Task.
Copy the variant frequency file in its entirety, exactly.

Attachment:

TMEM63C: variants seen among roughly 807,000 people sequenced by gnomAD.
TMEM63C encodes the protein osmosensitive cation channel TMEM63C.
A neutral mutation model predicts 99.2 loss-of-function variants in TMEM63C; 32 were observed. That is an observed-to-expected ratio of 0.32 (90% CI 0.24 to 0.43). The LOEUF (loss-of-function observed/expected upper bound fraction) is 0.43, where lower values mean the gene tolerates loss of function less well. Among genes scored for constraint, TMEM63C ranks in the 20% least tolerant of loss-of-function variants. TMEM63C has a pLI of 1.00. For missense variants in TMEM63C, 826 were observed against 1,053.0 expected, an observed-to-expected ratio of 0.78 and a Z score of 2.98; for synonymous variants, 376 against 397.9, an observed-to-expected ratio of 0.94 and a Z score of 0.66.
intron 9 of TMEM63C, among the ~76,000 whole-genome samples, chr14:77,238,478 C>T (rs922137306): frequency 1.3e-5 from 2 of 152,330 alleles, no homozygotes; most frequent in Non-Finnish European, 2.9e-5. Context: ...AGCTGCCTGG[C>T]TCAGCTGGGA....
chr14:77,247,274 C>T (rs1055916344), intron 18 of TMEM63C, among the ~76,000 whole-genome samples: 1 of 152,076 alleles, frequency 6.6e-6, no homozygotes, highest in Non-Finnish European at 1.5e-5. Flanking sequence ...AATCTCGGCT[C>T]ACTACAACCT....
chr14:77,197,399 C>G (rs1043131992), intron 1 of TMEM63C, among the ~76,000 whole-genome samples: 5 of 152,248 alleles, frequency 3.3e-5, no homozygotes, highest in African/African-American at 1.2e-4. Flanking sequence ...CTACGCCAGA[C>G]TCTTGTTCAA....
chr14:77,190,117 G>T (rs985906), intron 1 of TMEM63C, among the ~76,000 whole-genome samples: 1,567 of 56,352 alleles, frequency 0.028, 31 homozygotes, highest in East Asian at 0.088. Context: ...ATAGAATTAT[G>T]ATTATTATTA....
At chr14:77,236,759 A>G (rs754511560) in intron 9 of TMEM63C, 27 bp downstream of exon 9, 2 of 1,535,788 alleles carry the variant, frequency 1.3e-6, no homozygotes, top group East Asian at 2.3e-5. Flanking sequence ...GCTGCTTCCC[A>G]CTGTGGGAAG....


TMEM63C: variants seen among roughly 807,000 people sequenced by gnomAD.
TMEM63C encodes the protein osmosensitive cation channel TMEM63C.
A neutral mutation model predicts 99.2 loss-of-function variants in TMEM63C; 32 were observed. That is an observed-to-expected ratio of 0.32 (90% CI 0.24 to 0.43). The LOEUF (loss-of-function observed/expected upper bound fraction) is 0.43, where lower values mean the gene tolerates loss of function less well. Among genes scored for constraint, TMEM63C ranks in the 20% least tolerant of loss-of-function variants. TMEM63C has a pLI of 1.00. For missense variants in TMEM63C, 826 were observed against 1,053.0 expected, an observed-to-expected ratio of 0.78 and a Z score of 2.98; for synonymous variants, 376 against 397.9, an observed-to-expected ratio of 0.94 and a Z score of 0.66.
intron 9 of TMEM63C, among the ~76,000 whole-genome samples, chr14:77,238,478 C>T (rs922137306): frequency 1.3e-5 from 2 of 152,330 alleles, no homozygotes; most frequent in Non-Finnish European, 2.9e-5. Context: ...AGCTGCCTGG[C>T]TCAGCTGGGA....
chr14:77,247,274 C>T (rs1055916344), intron 18 of TMEM63C, among the ~76,000 whole-genome samples: 1 of 152,076 alleles, frequency 6.6e-6, no homozygotes, highest in Non-Finnish European at 1.5e-5. Flanking sequence ...AATCTCGGCT[C>T]ACTACAACCT....
chr14:77,197,399 C>G (rs1043131992), intron 1 of TMEM63C, among the ~76,000 whole-genome samples: 5 of 152,248 alleles, frequency 3.3e-5, no homozygotes, highest in African/African-American at 1.2e-4. Flanking sequence ...CTACGCCAGA[C>G]TCTTGTTCAA....
chr14:77,190,117 G>T (rs985906), intron 1 of TMEM63C, among the ~76,000 whole-genome samples: 1,567 of 56,352 alleles, frequency 0.028, 31 homozygotes, highest in East Asian at 0.088. Context: ...ATAGAATTAT[G>T]ATTATTATTA....
At chr14:77,236,759 A>G (rs754511560) in intron 9 of TMEM63C, 27 bp downstream of exon 9, 2 of 1,535,788 alleles carry the variant, frequency 1.3e-6, no homozygotes, top group East Asian at 2.3e-5. Flanking sequence ...GCTGCTTCCC[A>G]CTGTGGGAAG....